Book Group

The Swerve (HAT book discussion)

The HAT Book reading group will be discussing the following book on Saturday April 25 2015 at 2:30 at our regular location:

The Swerve: How the World Became Modern

Year/Format: 2011, Book, 356 p., [8] p. of plates
14 holds / 41 copies
Summary/Review:
In this work, the author has crafted both a work of history and a story of discovery, in which one manuscript, plucked from a thousand years of neglect, changed the course of human thought and made possible the world as we know it. Nearly six hundred years ago, a short, genial, cannily alert man in his late thirties took a very old manuscript off a library shelf, saw with excitement what he had discovered, and ordered that it be copied. That book was the last surviving manuscript of an ancient Roman philosophical epic, On the Nature of Things, by Lucretius, a beautiful poem of the most dangerous ideas: that the universe functioned without the aid of gods, that religious fear was damaging to human life, and that matter was made up of very small particles in eternal motion, colliding and swerving in new directions. The copying and translation of this ancient book, fueled the Renaissance, inspiring artists such as Botticelli and thinkers such as Giordano Bruno; shaped the thought of Galileo and Freud, Darwin and Einstein; and had a revolutionary influence on writers such as Montaigne and Shakespeare and even Thomas Jefferson.

If you wish to join us please contact Jodi at 416-925-3395 or HATcoord@gmail.com.

HAT Book Club: Belonging, by Adrienne Clarkson

The HAT Book  group will be discussing the following book on
 Saturday March 21 2015 at 2:30

Call 416-966-1361 or email HATcoord@gmail.com for location

Belonging: the paradox of citizenship

by Adrienne Clarkson

Summary
Never has the world experienced greater movement of peoples from one country to another, from one continent to another. These seismic shifts in population have brought about huge challenges for all societies. In this year's Massey Lectures, Canada's twenty-sixth Governor General and bestselling author Adrienne Clarkson argues that a sense of belonging is a necessary mediation between an individual and a society. She masterfully chronicles the evolution of citizenship throughout the ages: from the genesis of the idea of the citizen in ancient Greece, to the medieval structures of guilds and class; from the revolutionary period which gave birth to the modern nation-state, to present-day citizenship based on shared values, consensus, and pluralism. Clarkson places particular emphasis on the Canadian model, which promotes immigration, parliamentary democracy, and the rule of law, and the First Nations circle, which embodies notions of expansion and equality. She concludes by looking forward, using the Bhutanese example of Gross National Happiness to determine how we measure up today and how far we have to go to bring into being the citizen, and the society, of tomorrow.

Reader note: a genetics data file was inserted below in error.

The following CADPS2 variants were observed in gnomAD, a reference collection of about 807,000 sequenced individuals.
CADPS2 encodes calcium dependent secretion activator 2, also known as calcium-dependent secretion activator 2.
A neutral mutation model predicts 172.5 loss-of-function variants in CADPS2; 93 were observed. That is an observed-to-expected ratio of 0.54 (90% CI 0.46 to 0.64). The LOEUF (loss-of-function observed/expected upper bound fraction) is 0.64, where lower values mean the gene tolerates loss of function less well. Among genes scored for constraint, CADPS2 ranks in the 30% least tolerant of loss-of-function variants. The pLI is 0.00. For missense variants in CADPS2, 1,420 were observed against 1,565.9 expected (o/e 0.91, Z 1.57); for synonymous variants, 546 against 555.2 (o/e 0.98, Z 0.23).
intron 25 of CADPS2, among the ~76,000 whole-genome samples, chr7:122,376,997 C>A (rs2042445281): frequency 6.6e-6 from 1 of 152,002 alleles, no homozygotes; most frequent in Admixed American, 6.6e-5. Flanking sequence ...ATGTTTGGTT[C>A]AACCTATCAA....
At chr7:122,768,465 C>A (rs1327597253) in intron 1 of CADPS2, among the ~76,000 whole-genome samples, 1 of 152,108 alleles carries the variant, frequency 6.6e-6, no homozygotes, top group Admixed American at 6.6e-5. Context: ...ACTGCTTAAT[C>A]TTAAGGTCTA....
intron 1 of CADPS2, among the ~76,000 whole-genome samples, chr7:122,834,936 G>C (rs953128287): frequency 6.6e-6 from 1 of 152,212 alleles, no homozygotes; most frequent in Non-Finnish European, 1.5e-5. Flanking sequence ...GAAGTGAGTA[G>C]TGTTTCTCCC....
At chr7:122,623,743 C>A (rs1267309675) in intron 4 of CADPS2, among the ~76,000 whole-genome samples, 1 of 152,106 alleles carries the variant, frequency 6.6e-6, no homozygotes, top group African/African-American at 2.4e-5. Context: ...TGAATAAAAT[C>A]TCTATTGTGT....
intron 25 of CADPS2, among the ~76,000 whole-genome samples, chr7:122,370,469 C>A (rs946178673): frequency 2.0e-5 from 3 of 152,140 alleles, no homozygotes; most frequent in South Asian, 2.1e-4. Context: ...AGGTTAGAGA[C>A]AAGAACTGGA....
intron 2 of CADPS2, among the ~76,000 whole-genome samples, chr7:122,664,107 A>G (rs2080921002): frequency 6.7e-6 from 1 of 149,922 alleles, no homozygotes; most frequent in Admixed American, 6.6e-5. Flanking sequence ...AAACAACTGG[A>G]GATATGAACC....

Book Discussion: The Caged Virgin

HAT's monthly book group will meet on Saturday, February 7 at 2:30 PM to discuss

The caged virgin: an emancipation proclamation for women and Islam

by Ayaan Hirsi Ali. Email the coordinator or leave a phone message (see HAT contact info) for location.

"Hard-hitting, outspoken, and controversial,The Caged Virginis a call to arms for the emancipation of women from a brutal religious and cultural oppression and from an outdated cult of virginity. It is a defiant call for clear thinking and for an Islamic Enlightenment." -- from the summary in the library catalogue.

HAT Book Club: A Year in Provence

HAT Book Club

A Year in Provence, by Peter Mayle
Discussion on Saturday, December 6th, 2:30 PM
Call 416-966-1361 or email HATcoord@gmail.com for location

Book summary:
Here is the month-by-month account of the charms and frustrations that Peter Mayle and his wife -- and their two large dogs -- experience their first year in the remote country of the Luberon restoring a two-centuries-old stone farmhouse that they bought on sight. From coping in January with the first mistral, which comes howling down from the Rhone Valley and wreaks havoc with the pipes, to dealing as the months go by with the disarming promises and procrastination of the local masons and plumbers, Peter Mayle delights us with his strategies for survival. He manages to transport us info all the earthy pleasures of Provencal life and lets us live vicariously in a tempo governed by seasons, not by days.